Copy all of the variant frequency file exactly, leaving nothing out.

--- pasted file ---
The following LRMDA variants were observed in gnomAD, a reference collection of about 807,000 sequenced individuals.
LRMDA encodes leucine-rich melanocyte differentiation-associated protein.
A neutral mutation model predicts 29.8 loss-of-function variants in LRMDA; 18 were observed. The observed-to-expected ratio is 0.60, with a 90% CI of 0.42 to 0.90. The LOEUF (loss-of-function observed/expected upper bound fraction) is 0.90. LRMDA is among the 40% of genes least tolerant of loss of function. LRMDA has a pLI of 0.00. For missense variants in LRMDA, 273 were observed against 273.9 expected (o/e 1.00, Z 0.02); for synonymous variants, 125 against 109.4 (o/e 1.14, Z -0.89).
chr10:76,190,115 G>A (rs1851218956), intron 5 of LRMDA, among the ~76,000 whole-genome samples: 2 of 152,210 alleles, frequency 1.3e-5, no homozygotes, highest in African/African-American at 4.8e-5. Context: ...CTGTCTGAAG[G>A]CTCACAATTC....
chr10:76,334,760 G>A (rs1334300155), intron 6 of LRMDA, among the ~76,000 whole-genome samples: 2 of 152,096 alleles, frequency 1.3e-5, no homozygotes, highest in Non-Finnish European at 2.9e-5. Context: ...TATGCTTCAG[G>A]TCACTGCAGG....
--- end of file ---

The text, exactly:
The following LRMDA variants were observed in gnomAD, a reference collection of about 807,000 sequenced individuals.
LRMDA encodes leucine-rich melanocyte differentiation-associated protein.
A neutral mutation model predicts 29.8 loss-of-function variants in LRMDA; 18 were observed. The observed-to-expected ratio is 0.60, with a 90% CI of 0.42 to 0.90. The LOEUF (loss-of-function observed/expected upper bound fraction) is 0.90. LRMDA is among the 40% of genes least tolerant of loss of function. LRMDA has a pLI of 0.00. For missense variants in LRMDA, 273 were observed against 273.9 expected (o/e 1.00, Z 0.02); for synonymous variants, 125 against 109.4 (o/e 1.14, Z -0.89).
chr10:76,190,115 G>A (rs1851218956), intron 5 of LRMDA, among the ~76,000 whole-genome samples: 2 of 152,210 alleles, frequency 1.3e-5, no homozygotes, highest in African/African-American at 4.8e-5. Context: ...CTGTCTGAAG[G>A]CTCACAATTC....
chr10:76,334,760 G>A (rs1334300155), intron 6 of LRMDA, among the ~76,000 whole-genome samples: 2 of 152,096 alleles, frequency 1.3e-5, no homozygotes, highest in Non-Finnish European at 2.9e-5. Context: ...TATGCTTCAG[G>A]TCACTGCAGG....